Where Boomers thought of career in terms of one or two employers and a series of jobs with increasing responsibility and pay, Millennials think of their career as something more personal and proactive.
Employer reputation and work environment matter greatly to Millennials because it shapes their personal brand. They are focused more on the skills and mentoring they will receive than managerial responsibilities and career progression. As a result, they show an unwillingness to ‘settle’ for something less, even in this tough economic times. The New York Times controversially reported the case of Scott Nicholson, a 24-year old 2008 college grad who turned down a $40,000 a year insurance job that he felt would be a ‘dead end’ (“American Dream is Elusive for a New Generation“)
As far back as 2007, this new way of thinking was well described in an piece for NASA on the new Gen Y worker. After outlining the basic characteristics of Millennials’ upbringing and outlook, the author, a Microsoft consultant, reaches this conclusion: organizations need to adapt to Millennials new views rather than try to reorient them to ours.
These characteristics create new challenges for managers. Because of the magnitude of the shift from baby boomers to millennials, it is unlikely that organizations will successfully reorient the millennials to what has come to be considered a traditional work ethic; rather, the workplace will need to adapt to the attitudes and needs of this generation….Millennials consider their knowledge and skill more as a source of employment mobility than of career growth. Many see their knowledge as personal and portable, not organizational and collective. When it is communal, it is very communal, openly shared across their networks without regard to boundaries….
Top-down or command-and-control methods will prove less effective for the next generation, but millennials can be brought together for a mission they consider meaningful. Defining the mission, and remaining flexible enough to refine and redefine it, will create an environment in which leaders will emerge. Millennials with effective skills that include leadership abilities will emerge as leaders in projects despite aversion to a long-term commitment to management as a career.
About the same time, my research firm, Brand Amplitude conducted proprietary research among young professionals about their work lives and careers and reached similar conclusions. Here’s an excerpt from the report:
“Relationships and corporate cultures are especially important to Millennials. They want want to feel cared for as individuals — not just employees. In short, they want mentors, coaches and teammates – not just bosses. “The whole concept of ‘reporting’ to people is very parents’ generation… [we] are more team focused.” Participants expressed more loyalty to the people they work with than to their company. As one brand manager put it, “I feel connected to the people I work with, not necessarily the company.” Another said, “People make everything worth doing.””
A common perception about Millennials is that they aren’t very loyal. Yet when we probed about workplace loyalty, we heard many say they would like to be loyal, but only to companies that ‘earn’ their loyalty. Millennials feel their parents’ generation was loyal to a fault. Millennials believe they have more options, so they insist they will only stick with a company that earns their devotion. “My company doesn’t realize that their most qualified people can and will leave for a better work environment.”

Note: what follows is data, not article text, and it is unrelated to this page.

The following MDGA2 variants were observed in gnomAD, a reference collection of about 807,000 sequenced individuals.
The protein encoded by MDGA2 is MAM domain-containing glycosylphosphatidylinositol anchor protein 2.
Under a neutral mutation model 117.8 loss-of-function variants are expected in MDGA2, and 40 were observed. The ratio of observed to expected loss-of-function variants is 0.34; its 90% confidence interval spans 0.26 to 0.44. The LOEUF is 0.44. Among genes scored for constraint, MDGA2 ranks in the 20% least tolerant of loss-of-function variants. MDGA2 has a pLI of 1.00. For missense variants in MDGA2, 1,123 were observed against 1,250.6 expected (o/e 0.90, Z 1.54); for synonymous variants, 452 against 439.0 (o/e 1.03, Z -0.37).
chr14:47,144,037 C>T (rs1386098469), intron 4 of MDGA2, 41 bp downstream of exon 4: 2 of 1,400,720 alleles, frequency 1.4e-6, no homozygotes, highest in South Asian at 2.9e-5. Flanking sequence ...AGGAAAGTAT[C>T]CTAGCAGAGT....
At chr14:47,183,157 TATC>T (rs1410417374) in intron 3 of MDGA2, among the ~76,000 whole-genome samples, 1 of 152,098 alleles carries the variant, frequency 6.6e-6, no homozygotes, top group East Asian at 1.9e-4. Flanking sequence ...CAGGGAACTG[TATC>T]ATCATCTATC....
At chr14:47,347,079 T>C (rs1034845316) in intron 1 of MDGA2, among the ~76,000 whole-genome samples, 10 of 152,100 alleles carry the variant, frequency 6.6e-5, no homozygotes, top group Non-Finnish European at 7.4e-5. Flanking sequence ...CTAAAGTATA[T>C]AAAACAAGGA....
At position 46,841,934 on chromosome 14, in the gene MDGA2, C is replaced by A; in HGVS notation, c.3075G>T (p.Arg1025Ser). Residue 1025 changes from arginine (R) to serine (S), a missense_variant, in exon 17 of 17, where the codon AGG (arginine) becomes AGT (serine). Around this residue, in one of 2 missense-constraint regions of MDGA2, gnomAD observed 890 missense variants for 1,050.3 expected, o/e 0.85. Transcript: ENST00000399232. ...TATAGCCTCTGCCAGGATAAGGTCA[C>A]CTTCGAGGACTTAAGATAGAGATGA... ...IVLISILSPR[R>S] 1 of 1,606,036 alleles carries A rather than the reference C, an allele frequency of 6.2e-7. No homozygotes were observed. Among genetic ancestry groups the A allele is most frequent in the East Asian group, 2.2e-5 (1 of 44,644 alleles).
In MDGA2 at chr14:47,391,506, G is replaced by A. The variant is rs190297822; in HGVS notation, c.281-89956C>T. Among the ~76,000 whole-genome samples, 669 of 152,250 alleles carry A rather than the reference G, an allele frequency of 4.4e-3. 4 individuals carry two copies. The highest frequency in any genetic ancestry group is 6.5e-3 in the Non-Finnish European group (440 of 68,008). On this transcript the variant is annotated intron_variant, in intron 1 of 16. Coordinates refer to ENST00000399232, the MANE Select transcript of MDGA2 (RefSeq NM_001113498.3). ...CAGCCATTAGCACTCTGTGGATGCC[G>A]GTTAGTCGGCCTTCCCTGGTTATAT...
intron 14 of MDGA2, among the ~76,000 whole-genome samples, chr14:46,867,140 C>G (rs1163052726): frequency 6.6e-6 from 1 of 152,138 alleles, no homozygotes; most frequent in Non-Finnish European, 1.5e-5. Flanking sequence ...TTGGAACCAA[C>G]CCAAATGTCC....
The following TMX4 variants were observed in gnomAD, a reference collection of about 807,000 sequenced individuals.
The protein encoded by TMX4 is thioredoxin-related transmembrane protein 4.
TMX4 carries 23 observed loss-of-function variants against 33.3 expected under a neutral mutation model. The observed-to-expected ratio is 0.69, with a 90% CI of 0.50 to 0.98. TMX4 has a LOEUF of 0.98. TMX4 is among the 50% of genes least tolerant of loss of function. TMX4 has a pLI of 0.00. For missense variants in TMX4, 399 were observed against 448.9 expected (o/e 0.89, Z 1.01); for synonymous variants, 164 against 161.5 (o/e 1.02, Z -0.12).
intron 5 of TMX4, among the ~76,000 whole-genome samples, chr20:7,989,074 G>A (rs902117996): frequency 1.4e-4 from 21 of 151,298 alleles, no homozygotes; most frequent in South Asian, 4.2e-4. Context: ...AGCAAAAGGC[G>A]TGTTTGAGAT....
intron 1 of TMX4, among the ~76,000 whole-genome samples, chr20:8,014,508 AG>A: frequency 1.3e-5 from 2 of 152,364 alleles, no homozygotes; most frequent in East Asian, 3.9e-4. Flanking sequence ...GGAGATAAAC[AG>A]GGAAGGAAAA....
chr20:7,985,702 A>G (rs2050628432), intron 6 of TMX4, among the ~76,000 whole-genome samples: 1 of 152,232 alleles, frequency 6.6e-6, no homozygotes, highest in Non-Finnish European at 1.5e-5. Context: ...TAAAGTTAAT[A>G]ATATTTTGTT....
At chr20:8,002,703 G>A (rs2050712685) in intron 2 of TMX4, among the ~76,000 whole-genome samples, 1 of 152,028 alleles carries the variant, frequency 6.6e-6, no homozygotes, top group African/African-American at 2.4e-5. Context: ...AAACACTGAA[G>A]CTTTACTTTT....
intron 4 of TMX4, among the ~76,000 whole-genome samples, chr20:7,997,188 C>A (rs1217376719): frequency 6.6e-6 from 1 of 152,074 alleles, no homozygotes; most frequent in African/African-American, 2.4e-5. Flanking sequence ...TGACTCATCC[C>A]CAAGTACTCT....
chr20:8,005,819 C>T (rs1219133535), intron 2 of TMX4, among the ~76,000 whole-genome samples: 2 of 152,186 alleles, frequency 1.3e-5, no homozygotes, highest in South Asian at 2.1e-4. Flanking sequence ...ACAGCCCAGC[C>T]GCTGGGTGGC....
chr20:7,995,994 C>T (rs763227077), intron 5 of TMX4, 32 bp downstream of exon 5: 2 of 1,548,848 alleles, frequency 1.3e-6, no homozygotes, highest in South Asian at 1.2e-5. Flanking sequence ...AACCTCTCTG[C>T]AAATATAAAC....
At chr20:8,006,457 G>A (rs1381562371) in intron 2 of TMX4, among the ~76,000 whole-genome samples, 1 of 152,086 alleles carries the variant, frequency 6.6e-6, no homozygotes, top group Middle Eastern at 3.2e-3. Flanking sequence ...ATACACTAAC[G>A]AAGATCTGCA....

Today, there are many consultants and speakers who specialize in helping firms attract and retain Millennial workers, manage multiple generational workforces and train employees to respect generational differences. No doubt this is necessary and helpful. Yet, how much of the disconnect could be resolved if companies took the advice of the Microsoft consultant and look at work the way Millennials do, as a means to shaping their personal brand?
Gen Y wants to manage their career proactively, in the same way a brand manager approaches a product, by determining the desired identity and carefully selecting associations and experiences that will allow them to reach their goals.
That goal increasingly means a ‘slash’ career or succession that combines different skills and abilities rather than becoming singularly focused on mastering just one thing. The metric is different, too. It’s not just about the money, it’s about meaning and pleasure and the intangible of ‘brand value’.
I have written about Rebecca Denison before in this blog, a young Gen Y marketer and member of our Super Consumer community. Rebecca helps companies measure their brands for Edelman in Chicago. Today she turns the tables and talks about how to measure a ‘personal brand’. Rather than rely on the usual metrics of Twitter followers, blog subscribers, or page views, Denison suggests these more “meaningful” goals and measures of personal brand strength.
Goal: Connect and build relationships with other PR professionals and those interested in measurement. Metrics:
- Number of folks added to my “Measurement” list on Twitter
- Number of LinkedIn connections made with others interested in measurements
- Number of conversations per week about measurements
Goal: Find more ways to build friendships in Chicago. Metrics:
- Number of friends added to my “Close Friends” list on Twitter.
- Number of clubs and organizations discovered.
- Number of people I know I can count on in a pinch.
Goal: Become a measurement resource for others. Metrics:
- Number of recommendations received on Twitter.
- Number of guest blog posts written about measurement.
- Number of times per week I’m asked for advice about measurement.